Thanks to her experience and training, she accompanies other women on their journey towards motherhood through mindfulness, brain integration techniques, neuro-linguistic programming and other tools.
- If you had to choose three words to describe how your assisted reproduction process was, what would they be?
Hope, despair and miracle.
- On your blog, there are several articles from your personal diary recounting each phase of the treatment, but assisted reproduction for many patients is still something taboo or difficult to share with others… Why do you think this continues to happen today?
The truth is that starting an assisted reproduction process is complicated by all the emotions that we have to face. I myself wasn’t able to tell while I was at it. There were already too much news and feelings that I had to digest to add exposure to unfortunate comments and opinions and having to set limits on what I wanted to share or not…
I believe that each person should do it when they feel ready to tell naturally how their process has been and how they have felt.
When I felt strong and had personally worked to overcome all the grief in the process, including a pregnancy loss, it was easier for me to talk about it.
It is true that every time a person dares to talk about it, the taboo dissolves a little and the way is made easier for those who come after to share it as a process that is more natural and frequent every day, and not as something embarrassing or that you have to hide.
- At Ovoclinic we have a department dedicated to providing personalised follow-up and accompanying the patient from the moment they visit us for the first time until the end of the process. As a former assisted reproduction patient and fertility psychotherapist, do you think that patient care is what is most valued during treatment?
I think that when you go to the first consultation, you don’t know how hard it can be and you don’t see it as necessary or value it as much.
But when the road lengthens, without a doubt, an emotional accompaniment becomes necessary to be able to live the experience in the best and least traumatic way possible.
I also see this support from Ovoclinic as essential in order not to give up along the way before achieving it. Because many times the only secret to achieving it is to insist, on fine-tuning the treatments, of course. However, the experience is so hard that some people are forced to leave before having fulfilled their dream.
So, I think that without a doubt it is worthwhile to offer this support in all clinics, knowing that getting it the first time is not the most common and that stress and sadness accompany many women in assisted reproduction treatments. and it is very necessary to be with them.
- How did the idea of creating a group of women and helping them on their way to motherhood come about?
I had been accompanying women with infertility individually for a couple of years when I started going to a women’s circle. I found that safe and judgment-free space in which you share everything you feel so healing and powerful that I wanted to replicate the model to help infertile women.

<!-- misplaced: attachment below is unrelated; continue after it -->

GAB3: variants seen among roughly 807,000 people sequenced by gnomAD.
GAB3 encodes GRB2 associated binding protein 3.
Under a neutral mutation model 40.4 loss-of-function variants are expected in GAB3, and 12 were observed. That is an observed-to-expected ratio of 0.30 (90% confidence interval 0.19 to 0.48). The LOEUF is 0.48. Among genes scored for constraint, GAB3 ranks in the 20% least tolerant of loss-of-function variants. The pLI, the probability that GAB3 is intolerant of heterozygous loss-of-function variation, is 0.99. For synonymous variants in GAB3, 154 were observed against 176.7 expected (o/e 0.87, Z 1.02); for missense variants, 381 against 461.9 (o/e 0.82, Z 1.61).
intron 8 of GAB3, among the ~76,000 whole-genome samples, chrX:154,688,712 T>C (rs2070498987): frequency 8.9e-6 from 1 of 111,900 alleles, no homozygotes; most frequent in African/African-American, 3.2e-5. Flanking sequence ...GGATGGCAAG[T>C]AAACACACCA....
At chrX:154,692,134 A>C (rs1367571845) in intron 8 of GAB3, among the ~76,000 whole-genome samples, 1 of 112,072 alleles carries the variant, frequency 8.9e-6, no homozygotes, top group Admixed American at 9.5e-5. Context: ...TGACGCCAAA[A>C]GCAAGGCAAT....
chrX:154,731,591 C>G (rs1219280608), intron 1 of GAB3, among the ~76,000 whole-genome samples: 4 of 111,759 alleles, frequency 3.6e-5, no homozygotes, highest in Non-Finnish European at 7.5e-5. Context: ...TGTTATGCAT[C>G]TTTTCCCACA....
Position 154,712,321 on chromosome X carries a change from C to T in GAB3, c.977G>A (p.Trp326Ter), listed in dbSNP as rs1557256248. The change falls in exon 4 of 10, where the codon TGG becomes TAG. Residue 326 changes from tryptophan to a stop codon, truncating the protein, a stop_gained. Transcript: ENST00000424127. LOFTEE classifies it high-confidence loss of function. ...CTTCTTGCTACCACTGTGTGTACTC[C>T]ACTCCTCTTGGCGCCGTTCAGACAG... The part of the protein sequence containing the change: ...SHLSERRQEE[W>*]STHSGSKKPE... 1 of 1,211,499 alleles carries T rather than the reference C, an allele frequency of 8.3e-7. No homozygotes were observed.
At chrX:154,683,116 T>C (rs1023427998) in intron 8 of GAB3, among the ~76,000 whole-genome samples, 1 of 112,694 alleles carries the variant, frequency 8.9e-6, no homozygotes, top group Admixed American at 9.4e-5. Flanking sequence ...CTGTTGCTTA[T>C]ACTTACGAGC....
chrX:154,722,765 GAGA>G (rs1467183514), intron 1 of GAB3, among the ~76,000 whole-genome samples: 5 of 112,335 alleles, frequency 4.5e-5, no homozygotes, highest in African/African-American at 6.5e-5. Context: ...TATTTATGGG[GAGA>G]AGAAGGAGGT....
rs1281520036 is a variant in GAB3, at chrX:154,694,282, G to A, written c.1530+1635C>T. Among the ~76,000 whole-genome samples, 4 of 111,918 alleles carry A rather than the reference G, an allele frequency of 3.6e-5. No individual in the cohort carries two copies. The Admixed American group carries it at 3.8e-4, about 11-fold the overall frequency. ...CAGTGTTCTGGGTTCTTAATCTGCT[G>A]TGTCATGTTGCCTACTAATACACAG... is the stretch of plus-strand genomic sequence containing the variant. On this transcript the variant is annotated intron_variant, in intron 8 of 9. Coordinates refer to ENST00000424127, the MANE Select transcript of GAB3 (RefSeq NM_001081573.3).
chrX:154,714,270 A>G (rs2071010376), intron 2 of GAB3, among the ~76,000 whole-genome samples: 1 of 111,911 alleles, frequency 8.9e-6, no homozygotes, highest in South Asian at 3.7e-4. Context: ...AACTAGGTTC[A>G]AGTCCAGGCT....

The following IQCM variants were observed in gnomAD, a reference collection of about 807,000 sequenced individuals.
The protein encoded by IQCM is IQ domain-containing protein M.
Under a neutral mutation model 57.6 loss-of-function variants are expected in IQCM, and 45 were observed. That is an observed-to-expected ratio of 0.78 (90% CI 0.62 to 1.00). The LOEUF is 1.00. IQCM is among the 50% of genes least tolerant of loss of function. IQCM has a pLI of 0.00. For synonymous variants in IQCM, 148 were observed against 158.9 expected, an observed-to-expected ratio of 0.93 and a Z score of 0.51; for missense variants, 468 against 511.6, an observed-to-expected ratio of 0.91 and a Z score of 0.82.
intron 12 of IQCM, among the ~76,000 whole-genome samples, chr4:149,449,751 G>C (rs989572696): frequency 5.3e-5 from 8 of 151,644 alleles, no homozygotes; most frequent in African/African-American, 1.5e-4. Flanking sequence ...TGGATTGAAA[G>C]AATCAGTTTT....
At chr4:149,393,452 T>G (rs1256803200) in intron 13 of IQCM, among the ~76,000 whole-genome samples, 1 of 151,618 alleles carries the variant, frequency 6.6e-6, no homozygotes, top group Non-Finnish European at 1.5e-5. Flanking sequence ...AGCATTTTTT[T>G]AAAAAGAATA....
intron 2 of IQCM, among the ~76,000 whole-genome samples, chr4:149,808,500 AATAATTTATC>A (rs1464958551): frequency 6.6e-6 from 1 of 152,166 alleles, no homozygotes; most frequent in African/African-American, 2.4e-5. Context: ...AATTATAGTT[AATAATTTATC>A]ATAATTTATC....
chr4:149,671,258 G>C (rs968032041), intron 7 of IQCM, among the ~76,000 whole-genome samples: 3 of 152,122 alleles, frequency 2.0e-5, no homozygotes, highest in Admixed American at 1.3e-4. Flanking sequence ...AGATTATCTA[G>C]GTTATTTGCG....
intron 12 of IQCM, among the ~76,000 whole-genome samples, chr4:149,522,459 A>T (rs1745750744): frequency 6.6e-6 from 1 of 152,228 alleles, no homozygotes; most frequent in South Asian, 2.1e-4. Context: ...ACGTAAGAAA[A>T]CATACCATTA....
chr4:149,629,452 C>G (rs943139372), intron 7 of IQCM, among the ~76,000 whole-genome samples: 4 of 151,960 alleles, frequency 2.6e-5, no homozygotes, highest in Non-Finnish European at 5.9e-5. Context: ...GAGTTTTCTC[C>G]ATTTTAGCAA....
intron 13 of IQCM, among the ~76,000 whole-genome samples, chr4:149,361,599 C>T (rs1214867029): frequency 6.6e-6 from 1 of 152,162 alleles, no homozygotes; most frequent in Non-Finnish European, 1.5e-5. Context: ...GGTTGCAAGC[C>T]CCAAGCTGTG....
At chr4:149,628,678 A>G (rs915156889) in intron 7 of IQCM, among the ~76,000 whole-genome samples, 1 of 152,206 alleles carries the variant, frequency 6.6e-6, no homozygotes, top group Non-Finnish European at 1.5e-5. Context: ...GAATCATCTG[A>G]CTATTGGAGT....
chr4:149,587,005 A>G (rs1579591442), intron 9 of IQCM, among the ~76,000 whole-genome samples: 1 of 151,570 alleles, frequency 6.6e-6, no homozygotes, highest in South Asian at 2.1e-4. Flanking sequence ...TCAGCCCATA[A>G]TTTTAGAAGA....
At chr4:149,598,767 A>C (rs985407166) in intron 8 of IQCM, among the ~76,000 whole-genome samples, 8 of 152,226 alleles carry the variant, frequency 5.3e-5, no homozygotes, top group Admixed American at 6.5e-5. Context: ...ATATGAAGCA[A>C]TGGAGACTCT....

And at the same time, I wanted to provide them with tools to be able to live the process with more compassion and more peace of mind. And for that, mindfulness is the best.
- What exactly is the circle of mindfulness and fertility? What is the purpose of this circle?
A circle is a space in which we promise to show ourselves as we are and to listen to other women without judgment or advice but from the heart. And as human beings are really more alike than we think, and even more so women living at the same time the frustrated desire for motherhood, because it turns out that what one shares, resonates with another and what one heals or accepts, that other one does it at the same time.
In addition, feeling understood alleviates much of our suffering. Many times what happens to us does not hurt us so much as the isolation and misunderstanding in which we live.
And as for the full attention or mindfulness circle, it is a space where we work on the ability to be present. Often we also suffer from being stuck in the past or thinking about horrible hypothetical futures (the terrible what if…?). If we were able to live in the moment here and now and focus only on the next step, the path to fertility would be easier. That is why in this circle, we also learn mindfulness tools and share our practice and our doubts through a WhatsApp group (open to anyone).
- What advice would you give to a girl who, after several treatments, has lost her self-confidence and does not have the strength to try again?
To rest a bit, it’s okay to stop even for a couple of months. And that she takes advantage of that time to learn to relax and manage her emotions, recover the illusion of forgotten projects, bond more with her partner if she has one, and heal the wounds that the infertile path has left in her.
Because it is important to reach the goal and become mothers, but without getting lost along the way and reaching the goal with enough strength to receive our baby whole and not cut into “little pieces”.
And I would also tell them that if they want to keep trying:
- Look for examples of girls with similar cases who have succeeded.
- Surround yourself with supportive and positive people.
- Find a clinic where the medical team is trustworthy and where you feel listened to, respected, and accompanied throughout the process.
- Allow themselves to be accompanied emotionally by someone who knows about the subject.
- And to be compassionate with themselves so that they know that if they cannot go with the illusion of the first transfer to the fifth, that it is normal and that what they are is human and very brave to be there again, nothing more.